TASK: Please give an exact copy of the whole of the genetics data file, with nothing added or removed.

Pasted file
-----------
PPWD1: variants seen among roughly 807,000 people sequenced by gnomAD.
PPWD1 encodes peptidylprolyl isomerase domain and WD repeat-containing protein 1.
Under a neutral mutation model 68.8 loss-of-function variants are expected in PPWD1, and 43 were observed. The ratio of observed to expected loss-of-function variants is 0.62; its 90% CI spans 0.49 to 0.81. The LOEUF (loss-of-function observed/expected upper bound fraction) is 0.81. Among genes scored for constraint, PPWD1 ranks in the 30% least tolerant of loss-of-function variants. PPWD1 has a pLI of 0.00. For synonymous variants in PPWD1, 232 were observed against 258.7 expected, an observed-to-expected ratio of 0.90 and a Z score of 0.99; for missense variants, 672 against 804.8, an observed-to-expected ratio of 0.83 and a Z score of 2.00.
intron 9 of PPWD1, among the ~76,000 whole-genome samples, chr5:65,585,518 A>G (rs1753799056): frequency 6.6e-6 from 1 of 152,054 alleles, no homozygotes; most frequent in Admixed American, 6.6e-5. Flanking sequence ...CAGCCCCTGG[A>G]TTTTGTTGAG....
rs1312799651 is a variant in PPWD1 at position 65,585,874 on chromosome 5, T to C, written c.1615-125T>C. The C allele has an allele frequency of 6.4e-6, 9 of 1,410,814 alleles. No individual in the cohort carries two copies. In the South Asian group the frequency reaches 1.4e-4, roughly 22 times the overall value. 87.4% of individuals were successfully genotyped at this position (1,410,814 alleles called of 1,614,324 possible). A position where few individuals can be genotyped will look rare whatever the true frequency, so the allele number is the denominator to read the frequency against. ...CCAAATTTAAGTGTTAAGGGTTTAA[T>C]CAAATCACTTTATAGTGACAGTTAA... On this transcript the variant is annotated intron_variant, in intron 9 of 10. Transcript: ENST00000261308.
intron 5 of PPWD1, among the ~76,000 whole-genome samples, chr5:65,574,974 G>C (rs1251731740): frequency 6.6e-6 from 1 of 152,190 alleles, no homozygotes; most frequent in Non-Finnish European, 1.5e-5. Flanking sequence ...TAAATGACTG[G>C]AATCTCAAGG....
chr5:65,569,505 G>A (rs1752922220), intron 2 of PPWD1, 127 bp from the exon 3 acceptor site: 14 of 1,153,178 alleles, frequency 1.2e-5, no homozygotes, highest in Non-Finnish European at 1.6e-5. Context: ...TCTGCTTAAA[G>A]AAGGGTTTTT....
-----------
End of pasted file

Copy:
PPWD1: variants seen among roughly 807,000 people sequenced by gnomAD.
PPWD1 encodes peptidylprolyl isomerase domain and WD repeat-containing protein 1.
Under a neutral mutation model 68.8 loss-of-function variants are expected in PPWD1, and 43 were observed. The ratio of observed to expected loss-of-function variants is 0.62; its 90% CI spans 0.49 to 0.81. The LOEUF (loss-of-function observed/expected upper bound fraction) is 0.81. Among genes scored for constraint, PPWD1 ranks in the 30% least tolerant of loss-of-function variants. PPWD1 has a pLI of 0.00. For synonymous variants in PPWD1, 232 were observed against 258.7 expected, an observed-to-expected ratio of 0.90 and a Z score of 0.99; for missense variants, 672 against 804.8, an observed-to-expected ratio of 0.83 and a Z score of 2.00.
intron 9 of PPWD1, among the ~76,000 whole-genome samples, chr5:65,585,518 A>G (rs1753799056): frequency 6.6e-6 from 1 of 152,054 alleles, no homozygotes; most frequent in Admixed American, 6.6e-5. Flanking sequence ...CAGCCCCTGG[A>G]TTTTGTTGAG....
rs1312799651 is a variant in PPWD1 at position 65,585,874 on chromosome 5, T to C, written c.1615-125T>C. The C allele has an allele frequency of 6.4e-6, 9 of 1,410,814 alleles. No individual in the cohort carries two copies. In the South Asian group the frequency reaches 1.4e-4, roughly 22 times the overall value. 87.4% of individuals were successfully genotyped at this position (1,410,814 alleles called of 1,614,324 possible). A position where few individuals can be genotyped will look rare whatever the true frequency, so the allele number is the denominator to read the frequency against. ...CCAAATTTAAGTGTTAAGGGTTTAA[T>C]CAAATCACTTTATAGTGACAGTTAA... On this transcript the variant is annotated intron_variant, in intron 9 of 10. Transcript: ENST00000261308.
intron 5 of PPWD1, among the ~76,000 whole-genome samples, chr5:65,574,974 G>C (rs1251731740): frequency 6.6e-6 from 1 of 152,190 alleles, no homozygotes; most frequent in Non-Finnish European, 1.5e-5. Flanking sequence ...TAAATGACTG[G>C]AATCTCAAGG....
chr5:65,569,505 G>A (rs1752922220), intron 2 of PPWD1, 127 bp from the exon 3 acceptor site: 14 of 1,153,178 alleles, frequency 1.2e-5, no homozygotes, highest in Non-Finnish European at 1.6e-5. Context: ...TCTGCTTAAA[G>A]AAGGGTTTTT....